GOP Grumbles As GM Spends $500M On Bonuses And Profit-Sharing

General Motors had a great year last year—making a record profit and reclaiming its crown as the world’s biggest automaker—but some lawmakers aren’t happy about its plans to reward its workers. The company plans to pay bonuses of at least $182 million to white-collar workers today, on top of $332.5 million in profit-sharing it’s paying factory workers, reports AP…Some Republicans believe the government should get back the money it spent to save GM before anybody gets a bonus.

Gary Reber Comments: The government bought an ownership position in GM representing a quarter of the company’s ownership. This was not a loan or loan guarantee, thus would not be a first-position recoupment position. Rather than profit-sharing without employee ownership, the government should have required broadened ownership of the productive capital assets of GM among the employees, who would pay back their acquisition of ownership in GM out of the earnings of the investment.

While GM received financial support from the government, the structure of the support should have been to provide an insured loan as restructuring and investment capital. GM certainly qualifies as a major company within a major industry with long-term productivity growth potential with the resulting benefit of promoting the diffusion of advanced technology into civilian industries. The loan would have been used to modernize and build new superautomated and computerized robotic assemblies. Where necessary the monies would be used for supplemental retraining of labor workers to qualify them for the new jobs created. Most important, the profits from the investments would be fully paid out to new capitalists owners––the corporate employees. This should be a condition to receive the capital investment loans. The goal would be to create new capitalist owners simultaneously with the growth of the economy financed with government loan support. The profits would represent wealth created by public capital invested in GM. The desired result would be to decrease, rather than increase, the existing concentration of productive capital ownership and thus economic power in the hands of a minority. The credit mechanisms supported by the government would not involve the expenditure of any tax money and would support profit-making operations for the primary purpose of earning dividends for GM’s stockholders, including the newly created capitalist owners. Businesses supported by such credit mechanisms would have a profit motive and operate with the requirement for efficiency imposed by a market economy. The goal would be to broaden the ownership of private corporations so as to make the interests of private industry more synonymous with the public interest and vice versa––while broadening private enterprise capitalism to include everyone in the society. Such policies and programs aimed at broadening productive capital ownership would foster extensive utilization of the most modern and efficient technological innovations and result in the revitalization of American free-enterprise capitalism mirrored in a strong growth-projected economy.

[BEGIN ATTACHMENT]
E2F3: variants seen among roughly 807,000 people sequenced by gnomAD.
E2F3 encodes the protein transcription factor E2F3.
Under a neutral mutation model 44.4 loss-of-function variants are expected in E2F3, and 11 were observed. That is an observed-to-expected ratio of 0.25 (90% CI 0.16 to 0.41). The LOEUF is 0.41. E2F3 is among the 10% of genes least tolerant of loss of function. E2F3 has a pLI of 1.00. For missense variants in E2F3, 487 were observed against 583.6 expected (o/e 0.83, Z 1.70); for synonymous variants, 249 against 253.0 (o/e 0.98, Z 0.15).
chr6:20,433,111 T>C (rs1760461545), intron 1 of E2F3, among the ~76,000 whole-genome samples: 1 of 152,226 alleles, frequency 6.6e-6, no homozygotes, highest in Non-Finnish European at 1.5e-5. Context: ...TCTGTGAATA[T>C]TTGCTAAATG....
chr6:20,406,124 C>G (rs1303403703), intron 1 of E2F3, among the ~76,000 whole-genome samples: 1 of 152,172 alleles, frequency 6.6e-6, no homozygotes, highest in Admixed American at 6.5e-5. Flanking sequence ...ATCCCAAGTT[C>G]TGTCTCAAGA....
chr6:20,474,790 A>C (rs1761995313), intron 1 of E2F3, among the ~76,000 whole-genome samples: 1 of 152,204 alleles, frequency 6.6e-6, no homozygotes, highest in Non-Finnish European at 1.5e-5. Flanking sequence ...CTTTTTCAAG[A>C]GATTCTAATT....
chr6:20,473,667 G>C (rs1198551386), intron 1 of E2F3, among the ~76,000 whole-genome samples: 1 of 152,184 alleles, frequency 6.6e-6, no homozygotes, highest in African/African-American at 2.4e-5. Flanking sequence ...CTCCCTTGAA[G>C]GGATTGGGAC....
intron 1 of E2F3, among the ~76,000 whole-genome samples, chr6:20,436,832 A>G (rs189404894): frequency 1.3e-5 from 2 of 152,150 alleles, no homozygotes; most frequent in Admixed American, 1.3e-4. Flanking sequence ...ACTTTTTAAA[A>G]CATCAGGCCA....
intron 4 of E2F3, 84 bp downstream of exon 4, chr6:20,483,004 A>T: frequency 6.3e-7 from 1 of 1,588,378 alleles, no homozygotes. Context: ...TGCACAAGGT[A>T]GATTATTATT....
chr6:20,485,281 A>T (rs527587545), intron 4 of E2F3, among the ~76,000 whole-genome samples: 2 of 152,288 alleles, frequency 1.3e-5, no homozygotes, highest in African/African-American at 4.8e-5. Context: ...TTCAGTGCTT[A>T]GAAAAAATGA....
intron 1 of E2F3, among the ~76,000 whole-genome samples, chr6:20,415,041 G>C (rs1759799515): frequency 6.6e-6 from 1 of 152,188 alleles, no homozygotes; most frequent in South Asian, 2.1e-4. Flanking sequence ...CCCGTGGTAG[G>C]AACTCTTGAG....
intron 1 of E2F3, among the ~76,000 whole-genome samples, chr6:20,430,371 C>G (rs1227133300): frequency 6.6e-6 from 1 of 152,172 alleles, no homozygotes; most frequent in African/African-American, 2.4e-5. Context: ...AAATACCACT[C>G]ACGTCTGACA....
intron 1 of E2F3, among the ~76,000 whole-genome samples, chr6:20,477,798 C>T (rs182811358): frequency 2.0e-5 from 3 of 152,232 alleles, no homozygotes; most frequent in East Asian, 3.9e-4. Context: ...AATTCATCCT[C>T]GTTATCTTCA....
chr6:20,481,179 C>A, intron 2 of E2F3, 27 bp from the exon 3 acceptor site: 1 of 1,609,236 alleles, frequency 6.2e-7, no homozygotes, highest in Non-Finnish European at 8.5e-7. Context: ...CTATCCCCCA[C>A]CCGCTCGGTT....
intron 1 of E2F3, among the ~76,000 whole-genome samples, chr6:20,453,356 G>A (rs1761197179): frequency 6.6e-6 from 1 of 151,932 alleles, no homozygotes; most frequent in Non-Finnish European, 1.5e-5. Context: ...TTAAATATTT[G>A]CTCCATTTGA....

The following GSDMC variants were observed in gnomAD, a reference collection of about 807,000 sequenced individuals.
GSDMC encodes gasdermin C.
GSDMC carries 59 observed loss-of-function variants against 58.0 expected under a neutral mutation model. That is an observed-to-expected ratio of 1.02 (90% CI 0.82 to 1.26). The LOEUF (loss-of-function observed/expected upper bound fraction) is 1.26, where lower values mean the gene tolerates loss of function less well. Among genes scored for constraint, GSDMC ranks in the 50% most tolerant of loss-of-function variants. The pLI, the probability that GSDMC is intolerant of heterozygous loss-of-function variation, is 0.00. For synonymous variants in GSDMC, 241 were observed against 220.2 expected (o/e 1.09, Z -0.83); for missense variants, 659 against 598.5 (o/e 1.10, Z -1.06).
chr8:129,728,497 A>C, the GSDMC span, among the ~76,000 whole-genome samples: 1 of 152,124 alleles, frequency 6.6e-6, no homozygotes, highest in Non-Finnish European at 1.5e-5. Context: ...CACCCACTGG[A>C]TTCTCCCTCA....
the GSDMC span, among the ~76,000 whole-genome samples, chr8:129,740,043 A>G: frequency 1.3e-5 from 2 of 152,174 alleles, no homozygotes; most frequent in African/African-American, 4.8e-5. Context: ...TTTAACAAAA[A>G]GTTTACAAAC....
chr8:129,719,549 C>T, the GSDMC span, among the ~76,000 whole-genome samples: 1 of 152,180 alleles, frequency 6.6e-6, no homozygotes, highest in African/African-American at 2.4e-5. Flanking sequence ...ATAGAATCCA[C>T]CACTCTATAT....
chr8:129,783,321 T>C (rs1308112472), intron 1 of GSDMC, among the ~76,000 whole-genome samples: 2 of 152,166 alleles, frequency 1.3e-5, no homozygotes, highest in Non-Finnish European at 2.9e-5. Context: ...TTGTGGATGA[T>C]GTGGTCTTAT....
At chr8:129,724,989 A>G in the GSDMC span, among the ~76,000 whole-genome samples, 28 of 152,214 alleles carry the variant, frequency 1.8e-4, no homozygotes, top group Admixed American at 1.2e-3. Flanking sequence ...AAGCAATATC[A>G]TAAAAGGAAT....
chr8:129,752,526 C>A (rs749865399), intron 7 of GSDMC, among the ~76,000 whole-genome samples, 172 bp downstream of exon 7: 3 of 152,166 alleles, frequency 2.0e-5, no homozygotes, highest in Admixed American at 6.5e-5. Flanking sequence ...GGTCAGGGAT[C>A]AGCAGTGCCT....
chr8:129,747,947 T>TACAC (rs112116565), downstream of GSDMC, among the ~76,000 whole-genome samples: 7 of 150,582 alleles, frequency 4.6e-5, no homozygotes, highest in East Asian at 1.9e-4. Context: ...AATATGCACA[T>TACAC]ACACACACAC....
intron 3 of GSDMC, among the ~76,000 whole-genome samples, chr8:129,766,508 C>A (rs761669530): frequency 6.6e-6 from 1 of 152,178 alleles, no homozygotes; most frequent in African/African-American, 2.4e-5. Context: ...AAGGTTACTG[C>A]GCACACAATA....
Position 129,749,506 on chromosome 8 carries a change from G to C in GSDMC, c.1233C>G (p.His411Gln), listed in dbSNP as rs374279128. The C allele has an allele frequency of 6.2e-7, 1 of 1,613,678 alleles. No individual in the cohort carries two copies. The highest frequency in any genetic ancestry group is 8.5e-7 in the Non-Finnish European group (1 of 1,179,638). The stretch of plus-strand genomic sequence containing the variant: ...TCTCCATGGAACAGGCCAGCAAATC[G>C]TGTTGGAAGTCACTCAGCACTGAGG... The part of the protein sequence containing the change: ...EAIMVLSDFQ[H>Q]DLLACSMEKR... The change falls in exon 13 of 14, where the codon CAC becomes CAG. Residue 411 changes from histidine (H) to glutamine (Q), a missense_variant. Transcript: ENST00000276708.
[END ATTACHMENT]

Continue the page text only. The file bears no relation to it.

http://www.newser.com/story/140728/gm-to-spend-500m-on-worker-bonuses.html

Signs Of Economic Life

Don’t look now, but the economy is growing faster than expected. In normal times, we’d even be growing at a normal rate — an annualized pace of 3%, very comfortable, nice and prosperous.

These are not normal times, though, and the policy choices in Washington can keep the recovery going or shut it down.

maddowblog.msnbc.msn.com

About a month ago, preliminary reports showed the U.S. economy grew at an annualized rate of 2.8% in the fourth quarter. The GDP numbers weren’t bad, necessarily, but they fell short of expectations. The revised data, published this morning, brought more encouraging news.